St Peter’s Church in Panguru
Waipuna Marae, is located near the local urupa (cemetery) at Panguru. This marae depicts the history of the ancestor ‘Kupe.
The Waipuna Marae whanau (family) has expressed a desire to introduce tourists to the marae so that they can enter into and experience the traditional Maori ways of communal living by the whanau and extended whanau. Although the inevitable changes have taken place over a period of time, visitors are always greeted by the traditional welcome, and hear the stories and legends as seen through the eyes of the Maori.
The visitors will be accorded the welcome onto the marae, i.e., the welcome by the Kai Karanga (welcome call), and while in the Wharenui (meeting house), two speakers will greet them. The visitors are obliged to reply after which the traditional greeting by a hongi (touching of noses) and hariru (handshake) will take place. This will complete the formal part to the visit.
While there may be a schedule to follow, management of the marae will try to keep things as informal as possible, creating perhaps a more relaxed time to oneself on the marae.
If the visit is an overnight stay, it is envisaged that the time of arrival and welcome will perhaps coincide with the preparation of the traditional Maori hangi. The visitors may want to experience this being part of the evening meal. After dinner the visitors will be given time to either unpack and refresh themselves or tour the marae complex, which is also running a few year programme of tukutuku panel work to enhance the marae and building ‘Old Waipuna Wharehui’ (old meeting house) Visitors will witness the preparation and intricate work and the history that will finally show on the tukutuku panel. This work together with the marae arts and crafts will be displayed in the “Tupuna Waipuna Wharekai.”
The evening programme will consist of explaining Maori culture and commentary on historic events pertaining to the “Wharenui Te Puna I te Ao Marama’ ( the meeting house ‘Te Puna I te Ao Marama), and other events significant to the area.
Whina Cooper 1895-1994Whina Cooper was born Hohepine (Josephine) Te Wake at Te Karaka in northern Hokianga on 9 December 1895. Her father was Heremia Te Wake, a leader of Ngati Manawa and Te Kaitutae hapu of Te Rarawa and the son of an American whaler. Her mother, Kare Pauro Kawatihi, was of Te Rarawa and Taranaki descent. Whina was the first child of her father’s second marriage. Another daughter, Heretute, was born in 1897, and there were four half-brothers and three half-sisters from Heremia’s first family. Growing up at Te Karaka and, from 1904, the adjacent settlement of Whakarapa, Whina was profoundly influenced by her father’s roles as community leader and catechist for the Catholic church, which had been established in the district since 1838. She received her Maori and religious education from Heremia, and showed an early interest in history and genealogy. Whina’s precociousness combined with her vivacity led her father to treat her as his favourite child and successor, which created stress within the extended family.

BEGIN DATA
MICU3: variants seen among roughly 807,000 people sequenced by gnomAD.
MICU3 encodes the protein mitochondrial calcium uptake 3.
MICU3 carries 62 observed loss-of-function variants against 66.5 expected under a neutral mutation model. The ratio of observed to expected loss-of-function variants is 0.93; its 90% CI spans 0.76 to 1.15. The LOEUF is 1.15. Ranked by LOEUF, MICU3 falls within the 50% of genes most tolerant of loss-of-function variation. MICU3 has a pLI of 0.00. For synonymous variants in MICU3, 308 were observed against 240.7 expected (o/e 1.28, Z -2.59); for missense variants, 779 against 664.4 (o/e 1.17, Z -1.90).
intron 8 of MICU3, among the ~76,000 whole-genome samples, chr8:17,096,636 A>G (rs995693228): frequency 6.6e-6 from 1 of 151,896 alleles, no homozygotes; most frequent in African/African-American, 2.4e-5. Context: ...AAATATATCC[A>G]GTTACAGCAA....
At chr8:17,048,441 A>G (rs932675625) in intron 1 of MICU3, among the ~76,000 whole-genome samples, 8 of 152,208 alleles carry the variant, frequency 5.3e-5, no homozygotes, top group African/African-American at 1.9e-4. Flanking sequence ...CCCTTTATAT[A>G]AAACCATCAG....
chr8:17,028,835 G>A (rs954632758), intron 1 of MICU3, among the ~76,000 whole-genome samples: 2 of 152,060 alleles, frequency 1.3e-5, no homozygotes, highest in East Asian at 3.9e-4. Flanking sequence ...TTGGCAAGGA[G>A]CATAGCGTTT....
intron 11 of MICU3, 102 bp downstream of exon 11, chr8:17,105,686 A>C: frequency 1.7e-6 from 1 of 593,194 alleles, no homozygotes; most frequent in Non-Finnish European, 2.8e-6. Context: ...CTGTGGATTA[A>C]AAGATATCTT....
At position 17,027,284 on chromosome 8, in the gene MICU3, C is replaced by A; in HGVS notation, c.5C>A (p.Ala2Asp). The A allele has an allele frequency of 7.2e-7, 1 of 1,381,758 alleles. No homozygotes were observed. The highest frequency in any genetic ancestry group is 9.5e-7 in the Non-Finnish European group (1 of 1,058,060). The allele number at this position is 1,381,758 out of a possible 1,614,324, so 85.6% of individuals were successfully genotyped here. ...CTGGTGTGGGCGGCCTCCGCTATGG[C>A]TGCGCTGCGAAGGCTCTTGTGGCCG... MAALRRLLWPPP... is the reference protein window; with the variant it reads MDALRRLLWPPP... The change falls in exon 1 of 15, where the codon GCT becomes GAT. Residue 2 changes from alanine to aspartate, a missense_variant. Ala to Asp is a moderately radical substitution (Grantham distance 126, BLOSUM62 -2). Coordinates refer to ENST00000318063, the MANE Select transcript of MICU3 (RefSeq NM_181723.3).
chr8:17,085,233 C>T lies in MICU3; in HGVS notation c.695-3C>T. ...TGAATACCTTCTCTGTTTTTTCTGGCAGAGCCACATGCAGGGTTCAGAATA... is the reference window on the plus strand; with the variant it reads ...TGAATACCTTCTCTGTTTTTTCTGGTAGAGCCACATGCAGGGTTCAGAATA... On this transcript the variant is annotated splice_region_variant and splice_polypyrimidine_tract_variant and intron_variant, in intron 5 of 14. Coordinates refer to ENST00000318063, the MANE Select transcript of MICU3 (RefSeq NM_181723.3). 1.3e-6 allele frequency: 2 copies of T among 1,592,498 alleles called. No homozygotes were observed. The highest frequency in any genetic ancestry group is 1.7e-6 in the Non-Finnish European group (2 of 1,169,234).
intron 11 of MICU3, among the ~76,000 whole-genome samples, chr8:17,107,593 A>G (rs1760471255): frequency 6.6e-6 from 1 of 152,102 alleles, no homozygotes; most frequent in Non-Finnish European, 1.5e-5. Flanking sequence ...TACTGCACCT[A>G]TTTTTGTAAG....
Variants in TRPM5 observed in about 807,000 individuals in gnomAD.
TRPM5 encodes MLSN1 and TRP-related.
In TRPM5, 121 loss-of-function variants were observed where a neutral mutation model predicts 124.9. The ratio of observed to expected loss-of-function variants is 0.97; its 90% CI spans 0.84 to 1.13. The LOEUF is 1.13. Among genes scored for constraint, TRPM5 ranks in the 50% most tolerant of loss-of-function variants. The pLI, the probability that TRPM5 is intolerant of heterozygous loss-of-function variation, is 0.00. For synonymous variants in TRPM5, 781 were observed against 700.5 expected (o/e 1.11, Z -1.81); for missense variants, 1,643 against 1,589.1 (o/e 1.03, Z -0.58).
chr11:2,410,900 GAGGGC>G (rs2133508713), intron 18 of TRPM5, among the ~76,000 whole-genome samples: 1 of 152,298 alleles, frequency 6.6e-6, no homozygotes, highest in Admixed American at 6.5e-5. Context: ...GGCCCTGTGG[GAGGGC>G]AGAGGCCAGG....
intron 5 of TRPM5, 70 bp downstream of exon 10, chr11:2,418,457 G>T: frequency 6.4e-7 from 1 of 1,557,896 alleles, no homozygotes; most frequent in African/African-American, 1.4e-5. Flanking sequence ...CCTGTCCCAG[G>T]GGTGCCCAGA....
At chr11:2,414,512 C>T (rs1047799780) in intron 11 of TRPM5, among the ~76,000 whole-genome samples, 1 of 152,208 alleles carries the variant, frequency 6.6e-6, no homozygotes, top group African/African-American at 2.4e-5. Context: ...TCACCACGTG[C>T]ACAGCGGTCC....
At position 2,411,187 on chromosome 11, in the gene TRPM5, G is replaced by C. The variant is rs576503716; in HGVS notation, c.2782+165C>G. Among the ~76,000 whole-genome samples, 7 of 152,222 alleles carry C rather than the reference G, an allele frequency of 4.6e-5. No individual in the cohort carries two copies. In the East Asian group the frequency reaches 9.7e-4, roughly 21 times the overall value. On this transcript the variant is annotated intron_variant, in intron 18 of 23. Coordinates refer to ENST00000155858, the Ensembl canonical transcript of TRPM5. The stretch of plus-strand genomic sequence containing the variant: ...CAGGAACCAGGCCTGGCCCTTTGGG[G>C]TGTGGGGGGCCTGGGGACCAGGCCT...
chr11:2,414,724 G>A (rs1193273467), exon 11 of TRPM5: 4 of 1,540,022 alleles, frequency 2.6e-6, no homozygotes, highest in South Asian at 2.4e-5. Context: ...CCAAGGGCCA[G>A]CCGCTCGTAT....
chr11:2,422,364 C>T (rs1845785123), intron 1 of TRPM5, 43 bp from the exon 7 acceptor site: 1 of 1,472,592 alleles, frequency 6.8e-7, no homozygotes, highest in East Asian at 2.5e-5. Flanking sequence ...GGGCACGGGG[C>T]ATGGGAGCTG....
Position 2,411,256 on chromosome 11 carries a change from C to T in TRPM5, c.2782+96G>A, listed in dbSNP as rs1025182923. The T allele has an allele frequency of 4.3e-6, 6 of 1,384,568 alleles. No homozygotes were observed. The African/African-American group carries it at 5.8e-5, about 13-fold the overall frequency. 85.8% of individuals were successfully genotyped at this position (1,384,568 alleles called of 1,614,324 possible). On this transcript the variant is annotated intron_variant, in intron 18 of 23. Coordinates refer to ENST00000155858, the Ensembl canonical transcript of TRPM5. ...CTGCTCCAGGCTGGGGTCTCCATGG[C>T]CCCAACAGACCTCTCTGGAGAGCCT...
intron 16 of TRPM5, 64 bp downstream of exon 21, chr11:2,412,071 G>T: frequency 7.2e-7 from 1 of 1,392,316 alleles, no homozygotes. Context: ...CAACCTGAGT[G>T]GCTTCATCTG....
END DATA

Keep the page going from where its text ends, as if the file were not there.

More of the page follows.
From about the age of seven Whina attended Whakarapa Native School, initially walking the six miles between Te Karaka and Whakarapa village. In 1907, with financial help from her father’s friend, Native Minister James Carroll, she went to St Joseph’s Maori Girls’ College in Napier for secondary education. There she learnt to keep records and accounts and conduct correspondence, took recitation, cooking and sewing, and played sport. Back in Whakarapa in 1911 she refused her father’s request to enter an arranged marriage with the widowed leader of Ngati Tuwharetoa, Tureiti Te Heuheu Tukino V. She chose instead to work in the local co-operative store, where she displayed a gift for organisation.
In 1913 Whina was appointed trainee teacher at the Pawarenga Native School on the south shore of Whangape Harbour. She was one of three staff and the only one who was Maori. Her performance was praised but she became frustrated because parents sent their children to school by rotation and because she was frequently needed at home to help with community affairs. She resigned in 1914 and the following year became housekeeper at the Catholic presbytery in Rawene. She remained there nearly two years.
Soon after Whina left teaching, a dispute arose over the leasing of mudflats at Whakarapa to a Pakeha farmer, Bob Holland. He and his sons began to drain the estuarine swamp in preparation for sowing grass and grazing cattle. Maori used this area to gather seafood when it was inundated and raced horses there when it dried out. While Heremia sought to challenge the lease through Parliament and the court system, Whina, then aged 18, led a party of younger adults who filled in drains as fast as the Hollands dug them. The police were eventually called and the Maori protesters charged with trespass, but by that time intervention by the Northern Maori MPs Peter Buck and (his successor) Tau Henare had resulted in the Marine Department’s withdrawing the lease . . .
The Warawara Forest
The forest covers an area of 12,376 acres of native bush with some very rugged hill country that has been saved because it is virtually inaccessible. In 1913 the Royal Commission recommended it should be set aside as a reserve. It is one of the largest kauri stands in the country. The Warawara was one of the areas where Kauri trees were tapped for gum. Whina Cooper referred to the Warawara in on of her speeches as “Te waima o te iwi o te Rarawa.” “The living spiritual being of the te Rarawa people.”
The forest is easily accessible via two main trails. One though the Golden Stairs from Pawarenga south to the headlands of Whangape Harbour. The other is a 20 km track from Mitimiti through the Warawara to Pawarenga. You will experience flora and fauna and the natural beauty of the untouched land. You could either walk the track or take a guided horse trek.